After-school care is pretty common for elementary school kids.
But when kids get to middle school, far fewer participate in after-school programs.
Some 16 Hawaii public schools are trying to change that, as part of an innovative program aimed at engaging primarily low-income kids after school
The REACH pilot program kicked off in 2014, and lawmakers are now interested in making it permanent with general funds.
REACH stands for resources for enrichment, athletics, culture and health, and it's designed to give middle school students a place to be engaged and active after school.
"Substance abuse, teen pregnancy, a lot of that occurs at that time," said state Sen. Suzanne Chun Oakland, who strongly supports the program.Jarrett Middle School Principal Reid Kuba said he's already seen the positive effects of the program, and supports the bid to make it full time.
"This is where they're developing the most, their brains are developing, their body is developing, they're learning how to control their emotions and work with each other, so it's crucial," he said.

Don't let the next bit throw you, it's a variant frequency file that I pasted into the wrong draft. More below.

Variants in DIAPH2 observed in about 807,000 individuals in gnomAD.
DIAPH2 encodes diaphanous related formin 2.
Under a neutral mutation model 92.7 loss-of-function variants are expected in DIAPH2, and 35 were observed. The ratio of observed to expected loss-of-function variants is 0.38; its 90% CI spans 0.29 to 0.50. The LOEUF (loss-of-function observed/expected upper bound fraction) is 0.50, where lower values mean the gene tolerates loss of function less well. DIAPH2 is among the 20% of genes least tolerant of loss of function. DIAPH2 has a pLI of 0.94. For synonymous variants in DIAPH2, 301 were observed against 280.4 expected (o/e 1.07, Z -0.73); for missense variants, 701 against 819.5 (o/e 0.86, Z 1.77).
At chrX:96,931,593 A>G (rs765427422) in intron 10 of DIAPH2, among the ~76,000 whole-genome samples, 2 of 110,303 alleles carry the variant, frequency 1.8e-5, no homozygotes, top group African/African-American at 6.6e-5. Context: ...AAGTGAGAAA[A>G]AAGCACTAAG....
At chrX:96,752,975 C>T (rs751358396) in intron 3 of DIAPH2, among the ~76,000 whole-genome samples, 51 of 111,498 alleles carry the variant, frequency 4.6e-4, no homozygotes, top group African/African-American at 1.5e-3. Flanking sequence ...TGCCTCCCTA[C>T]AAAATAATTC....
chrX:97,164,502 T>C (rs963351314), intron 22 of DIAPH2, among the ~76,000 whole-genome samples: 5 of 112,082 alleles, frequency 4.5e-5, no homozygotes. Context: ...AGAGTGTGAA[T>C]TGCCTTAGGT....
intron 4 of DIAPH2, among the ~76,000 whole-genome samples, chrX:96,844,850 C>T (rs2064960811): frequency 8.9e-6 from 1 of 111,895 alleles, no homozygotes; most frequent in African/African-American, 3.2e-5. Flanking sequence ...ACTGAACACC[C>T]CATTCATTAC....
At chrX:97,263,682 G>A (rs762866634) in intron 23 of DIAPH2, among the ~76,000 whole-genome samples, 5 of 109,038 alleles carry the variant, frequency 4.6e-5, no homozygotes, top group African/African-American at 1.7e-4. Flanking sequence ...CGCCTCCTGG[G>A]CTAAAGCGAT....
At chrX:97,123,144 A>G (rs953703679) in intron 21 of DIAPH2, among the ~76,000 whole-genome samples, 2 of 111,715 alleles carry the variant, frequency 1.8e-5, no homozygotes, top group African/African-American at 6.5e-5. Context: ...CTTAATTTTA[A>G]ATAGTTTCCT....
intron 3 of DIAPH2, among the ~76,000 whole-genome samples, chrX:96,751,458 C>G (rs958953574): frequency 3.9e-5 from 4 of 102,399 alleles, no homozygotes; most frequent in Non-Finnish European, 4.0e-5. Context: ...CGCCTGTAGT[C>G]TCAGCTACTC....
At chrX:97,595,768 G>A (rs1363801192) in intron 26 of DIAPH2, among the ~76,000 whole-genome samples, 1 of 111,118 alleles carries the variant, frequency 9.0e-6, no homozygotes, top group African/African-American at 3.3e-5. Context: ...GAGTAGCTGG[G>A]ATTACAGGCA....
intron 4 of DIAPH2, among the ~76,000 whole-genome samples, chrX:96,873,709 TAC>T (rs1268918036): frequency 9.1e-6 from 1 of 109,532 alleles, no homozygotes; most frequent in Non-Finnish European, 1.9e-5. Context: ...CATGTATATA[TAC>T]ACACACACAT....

Kids give the program good reviews, too.
"My favorite thing about this program is homework hour because we get to do a lot of homework to improve our grades," said eighth-grader Cole Rapoza.
Several bills moving through the Legislature would make the program permanent. One idea: Rather than relying solely on general fund money, the program would charge parent's a fee.
But there are some concerned about the program's funding needs.
"The parents and taxpayers that I talk to, they're concerned that we're taking more resources out of the classroom and loading them on before school, after school," said state Sen. Sam Slom.
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